I wanted to post something truly terrifying for Halloween this year—the first year I believe that Halloween has fallen on a Movie Poster of the Week Friday since I started—but then I came across this beautiful Boris Grinsson poster. Tu Trembles, Carcasse..., which translates very inelegantly as “You are trembling, corpse” is the French title for the Dean Martin and Jerry Lewis comedy horror musical Scared Stiff, which was the 8th of their sixteen collaborations (or 9th of their seventeen if you include their cameo in the Road to Bali, a gag appearance that was reciprocated by Bing Crosby and Bob Hope in Scared Stiff). Scared Stiff was actually a 1953 remake of a 1940 Bob Hope film The Ghost Breakers, made by the same director, George Marshall, and it was made at the height of Martin & Lewis’s success, when they were the biggest double-act in America. It was one of four films that they would release in 1953 alone, and also a movie that they were famously reluctant to make.
What is notable about the Grinsson poster is that only features Jerry. Dean Martin would quit the double-act three years after the release of this film partly because he felt he was in Lewis’s shadow. Grinsson’s poster would not have helped. In the other posters for the film, and I have collected a bunch, Jerry and Dean have a much more equal presence. I especially love the Danish and German designs, both of which are very true to their national style: the Danish poster by Kurt Wenzel being very comic-book, pen-and-ink cartoony, and the German poster by Lutz Pelzer (for a 1965 re-release of the film) much more somber and painterly.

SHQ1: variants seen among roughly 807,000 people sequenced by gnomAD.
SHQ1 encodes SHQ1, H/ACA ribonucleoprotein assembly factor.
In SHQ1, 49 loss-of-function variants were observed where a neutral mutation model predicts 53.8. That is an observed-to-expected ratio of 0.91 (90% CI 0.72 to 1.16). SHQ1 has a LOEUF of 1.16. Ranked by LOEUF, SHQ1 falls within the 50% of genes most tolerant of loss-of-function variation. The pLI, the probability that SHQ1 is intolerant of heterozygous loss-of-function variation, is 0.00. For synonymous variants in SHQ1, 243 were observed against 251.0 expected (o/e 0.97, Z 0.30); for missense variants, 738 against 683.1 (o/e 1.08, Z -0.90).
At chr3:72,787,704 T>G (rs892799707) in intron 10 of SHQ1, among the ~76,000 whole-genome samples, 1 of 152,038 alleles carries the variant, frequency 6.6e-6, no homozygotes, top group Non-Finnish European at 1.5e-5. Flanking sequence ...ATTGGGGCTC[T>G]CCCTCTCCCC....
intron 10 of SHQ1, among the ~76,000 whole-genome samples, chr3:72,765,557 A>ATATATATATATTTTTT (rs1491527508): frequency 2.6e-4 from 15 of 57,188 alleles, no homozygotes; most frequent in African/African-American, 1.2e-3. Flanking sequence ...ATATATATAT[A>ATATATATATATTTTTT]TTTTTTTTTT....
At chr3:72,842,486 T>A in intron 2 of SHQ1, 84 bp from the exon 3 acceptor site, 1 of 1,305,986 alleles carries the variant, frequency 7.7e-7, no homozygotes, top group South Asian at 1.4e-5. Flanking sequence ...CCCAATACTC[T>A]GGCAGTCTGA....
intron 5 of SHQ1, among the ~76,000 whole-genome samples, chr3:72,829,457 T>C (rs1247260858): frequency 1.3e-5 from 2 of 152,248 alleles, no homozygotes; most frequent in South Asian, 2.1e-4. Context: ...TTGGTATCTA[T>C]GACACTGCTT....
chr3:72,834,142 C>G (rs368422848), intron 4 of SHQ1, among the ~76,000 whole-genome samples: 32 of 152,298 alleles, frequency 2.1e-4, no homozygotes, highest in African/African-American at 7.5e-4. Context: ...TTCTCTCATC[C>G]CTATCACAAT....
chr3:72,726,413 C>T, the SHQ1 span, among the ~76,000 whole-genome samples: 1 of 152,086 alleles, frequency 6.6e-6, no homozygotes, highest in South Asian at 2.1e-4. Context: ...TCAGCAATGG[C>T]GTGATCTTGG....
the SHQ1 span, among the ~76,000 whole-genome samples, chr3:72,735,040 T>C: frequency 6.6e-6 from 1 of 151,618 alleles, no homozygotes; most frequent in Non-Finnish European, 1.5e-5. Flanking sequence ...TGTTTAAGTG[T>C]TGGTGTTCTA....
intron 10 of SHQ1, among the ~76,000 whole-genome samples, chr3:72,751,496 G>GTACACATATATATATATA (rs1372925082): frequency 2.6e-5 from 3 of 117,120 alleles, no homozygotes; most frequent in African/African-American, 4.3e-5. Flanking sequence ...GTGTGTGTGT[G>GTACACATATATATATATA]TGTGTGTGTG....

Notable also is the awkward inclusion of Carmen Miranda, tucked into the corner of the American and Belgian one sheets and looking as if she had cha-cha’d her way into the wrong film (sadly it was to be her last). Bosley Crowther in his pan of the film for The New York Times, wrote “Apparently aware of some shortcomings, Hal B. Wallis, who produced for Paramount, threw a net over Carmen Miranda and also got her into the film. The benefit isn't perceptible. Although the Cuban bombshell bounces out and does her particular type of singing and dancing a couple of times, her only appreciable service is to cue Mr. Lewis into an act of doing an impersonation of her—which he has done before and which isn't good.”
You can watch the trailer for the film here. “Those faces, those terrible faces, I can’t stand it!”
Above: The Danish poster by Kurt Wenzel.
Above: the 1965 German poster by Lutz Pelzer.
The US one-sheet, artist unknown.
Above: the Argentinian variant (with the title changed to The Cursed Castle).
Above: the Belgian poster.
Above: the Italian poster.
Posters courtesy of Dominique Besson, Heritage Auctions, Doctor Macro and the Movie Poster Database. Happy Halloween!